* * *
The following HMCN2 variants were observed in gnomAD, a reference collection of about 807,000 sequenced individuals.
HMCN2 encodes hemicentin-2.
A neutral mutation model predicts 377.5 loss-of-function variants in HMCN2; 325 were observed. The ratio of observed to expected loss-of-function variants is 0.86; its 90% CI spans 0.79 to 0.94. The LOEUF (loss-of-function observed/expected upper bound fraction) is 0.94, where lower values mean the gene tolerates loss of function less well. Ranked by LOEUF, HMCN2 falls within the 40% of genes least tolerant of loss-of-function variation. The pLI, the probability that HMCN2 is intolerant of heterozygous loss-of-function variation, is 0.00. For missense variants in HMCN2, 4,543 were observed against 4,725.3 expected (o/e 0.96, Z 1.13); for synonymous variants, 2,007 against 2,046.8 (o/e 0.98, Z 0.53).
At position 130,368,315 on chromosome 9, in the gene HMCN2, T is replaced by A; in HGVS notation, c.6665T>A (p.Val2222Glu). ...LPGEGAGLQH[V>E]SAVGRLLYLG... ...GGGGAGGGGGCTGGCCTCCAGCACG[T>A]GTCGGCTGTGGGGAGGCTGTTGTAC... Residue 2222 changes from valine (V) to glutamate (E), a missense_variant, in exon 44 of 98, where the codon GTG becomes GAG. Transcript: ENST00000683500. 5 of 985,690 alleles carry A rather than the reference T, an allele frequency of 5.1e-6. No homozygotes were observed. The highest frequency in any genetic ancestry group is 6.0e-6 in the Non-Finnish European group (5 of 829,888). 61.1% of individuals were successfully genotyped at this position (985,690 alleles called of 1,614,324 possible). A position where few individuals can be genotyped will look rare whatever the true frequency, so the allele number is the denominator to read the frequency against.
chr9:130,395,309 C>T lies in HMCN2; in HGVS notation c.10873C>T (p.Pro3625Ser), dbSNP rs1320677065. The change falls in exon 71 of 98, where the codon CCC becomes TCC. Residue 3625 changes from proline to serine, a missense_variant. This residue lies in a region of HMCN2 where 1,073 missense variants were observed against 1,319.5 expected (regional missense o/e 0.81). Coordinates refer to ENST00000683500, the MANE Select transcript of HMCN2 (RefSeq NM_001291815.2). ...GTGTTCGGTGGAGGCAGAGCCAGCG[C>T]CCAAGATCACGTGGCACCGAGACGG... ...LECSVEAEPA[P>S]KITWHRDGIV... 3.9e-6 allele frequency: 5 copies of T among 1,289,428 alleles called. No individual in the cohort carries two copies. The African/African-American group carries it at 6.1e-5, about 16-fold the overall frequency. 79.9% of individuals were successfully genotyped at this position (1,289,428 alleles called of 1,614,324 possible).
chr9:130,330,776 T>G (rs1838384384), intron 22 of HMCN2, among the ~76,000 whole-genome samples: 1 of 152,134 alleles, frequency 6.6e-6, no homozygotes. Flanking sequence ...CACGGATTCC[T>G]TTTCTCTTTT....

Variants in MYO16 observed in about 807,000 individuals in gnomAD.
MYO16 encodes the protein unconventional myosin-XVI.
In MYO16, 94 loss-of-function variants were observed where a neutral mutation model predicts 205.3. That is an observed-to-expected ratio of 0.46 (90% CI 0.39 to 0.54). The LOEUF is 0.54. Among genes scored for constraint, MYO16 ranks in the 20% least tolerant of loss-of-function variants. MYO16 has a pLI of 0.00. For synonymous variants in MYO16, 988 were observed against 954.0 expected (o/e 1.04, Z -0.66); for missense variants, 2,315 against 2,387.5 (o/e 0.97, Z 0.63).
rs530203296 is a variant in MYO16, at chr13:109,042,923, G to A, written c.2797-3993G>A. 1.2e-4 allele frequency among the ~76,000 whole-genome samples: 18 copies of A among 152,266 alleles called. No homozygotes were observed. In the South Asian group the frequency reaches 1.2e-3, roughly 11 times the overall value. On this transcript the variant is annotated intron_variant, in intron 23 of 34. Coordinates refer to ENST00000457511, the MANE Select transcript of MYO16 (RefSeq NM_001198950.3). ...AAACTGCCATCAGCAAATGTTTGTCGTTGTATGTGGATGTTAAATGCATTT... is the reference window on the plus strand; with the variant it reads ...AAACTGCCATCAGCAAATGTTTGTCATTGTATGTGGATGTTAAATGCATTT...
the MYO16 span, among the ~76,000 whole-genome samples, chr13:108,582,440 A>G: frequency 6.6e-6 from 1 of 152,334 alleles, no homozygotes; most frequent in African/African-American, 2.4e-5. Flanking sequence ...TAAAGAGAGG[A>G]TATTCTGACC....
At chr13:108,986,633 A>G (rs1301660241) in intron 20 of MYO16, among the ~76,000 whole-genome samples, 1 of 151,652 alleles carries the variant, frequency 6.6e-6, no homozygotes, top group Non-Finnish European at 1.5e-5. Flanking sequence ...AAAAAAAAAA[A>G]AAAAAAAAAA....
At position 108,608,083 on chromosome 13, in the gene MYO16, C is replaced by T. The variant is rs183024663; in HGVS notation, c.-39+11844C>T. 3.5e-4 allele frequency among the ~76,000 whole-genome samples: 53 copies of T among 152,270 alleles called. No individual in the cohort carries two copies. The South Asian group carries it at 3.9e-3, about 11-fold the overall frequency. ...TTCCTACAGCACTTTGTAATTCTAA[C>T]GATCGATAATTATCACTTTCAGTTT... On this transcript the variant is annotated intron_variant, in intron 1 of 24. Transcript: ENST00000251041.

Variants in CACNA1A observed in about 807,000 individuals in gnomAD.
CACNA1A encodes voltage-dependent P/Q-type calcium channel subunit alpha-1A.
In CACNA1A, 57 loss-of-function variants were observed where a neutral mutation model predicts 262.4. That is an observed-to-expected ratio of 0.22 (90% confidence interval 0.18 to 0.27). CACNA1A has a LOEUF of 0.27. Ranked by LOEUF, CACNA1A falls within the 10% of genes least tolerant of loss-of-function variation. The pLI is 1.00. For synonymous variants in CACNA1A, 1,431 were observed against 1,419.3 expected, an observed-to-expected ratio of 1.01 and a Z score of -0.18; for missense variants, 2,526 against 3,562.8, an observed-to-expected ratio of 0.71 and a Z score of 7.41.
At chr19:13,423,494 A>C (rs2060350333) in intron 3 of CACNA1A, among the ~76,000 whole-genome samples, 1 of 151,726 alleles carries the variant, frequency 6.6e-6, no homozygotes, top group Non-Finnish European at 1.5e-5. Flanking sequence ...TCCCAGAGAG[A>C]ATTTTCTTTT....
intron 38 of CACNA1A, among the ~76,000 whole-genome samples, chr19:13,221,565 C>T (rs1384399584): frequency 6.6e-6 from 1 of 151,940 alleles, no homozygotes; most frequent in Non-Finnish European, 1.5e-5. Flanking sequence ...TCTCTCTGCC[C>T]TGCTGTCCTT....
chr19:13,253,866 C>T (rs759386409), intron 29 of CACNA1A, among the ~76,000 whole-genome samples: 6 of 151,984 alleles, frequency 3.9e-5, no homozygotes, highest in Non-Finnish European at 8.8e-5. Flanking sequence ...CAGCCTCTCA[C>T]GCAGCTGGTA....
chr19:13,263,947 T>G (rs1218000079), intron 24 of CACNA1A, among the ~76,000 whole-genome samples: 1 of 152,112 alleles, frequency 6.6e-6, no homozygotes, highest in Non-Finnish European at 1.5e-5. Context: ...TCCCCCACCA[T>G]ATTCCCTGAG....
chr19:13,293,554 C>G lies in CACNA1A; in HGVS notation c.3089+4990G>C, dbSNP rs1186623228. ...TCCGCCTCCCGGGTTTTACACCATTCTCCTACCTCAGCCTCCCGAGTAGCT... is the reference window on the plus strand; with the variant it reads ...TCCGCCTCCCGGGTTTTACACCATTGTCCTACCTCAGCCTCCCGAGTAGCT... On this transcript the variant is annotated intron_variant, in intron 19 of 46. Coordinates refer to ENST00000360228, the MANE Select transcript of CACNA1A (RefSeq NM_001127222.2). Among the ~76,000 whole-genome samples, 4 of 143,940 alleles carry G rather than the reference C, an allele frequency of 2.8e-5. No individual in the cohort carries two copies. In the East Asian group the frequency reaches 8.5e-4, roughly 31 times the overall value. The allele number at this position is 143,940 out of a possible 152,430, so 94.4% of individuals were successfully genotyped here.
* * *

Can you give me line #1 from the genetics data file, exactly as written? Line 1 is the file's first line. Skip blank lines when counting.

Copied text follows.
The following HMCN2 variants were observed in gnomAD, a reference collection of about 807,000 sequenced individuals.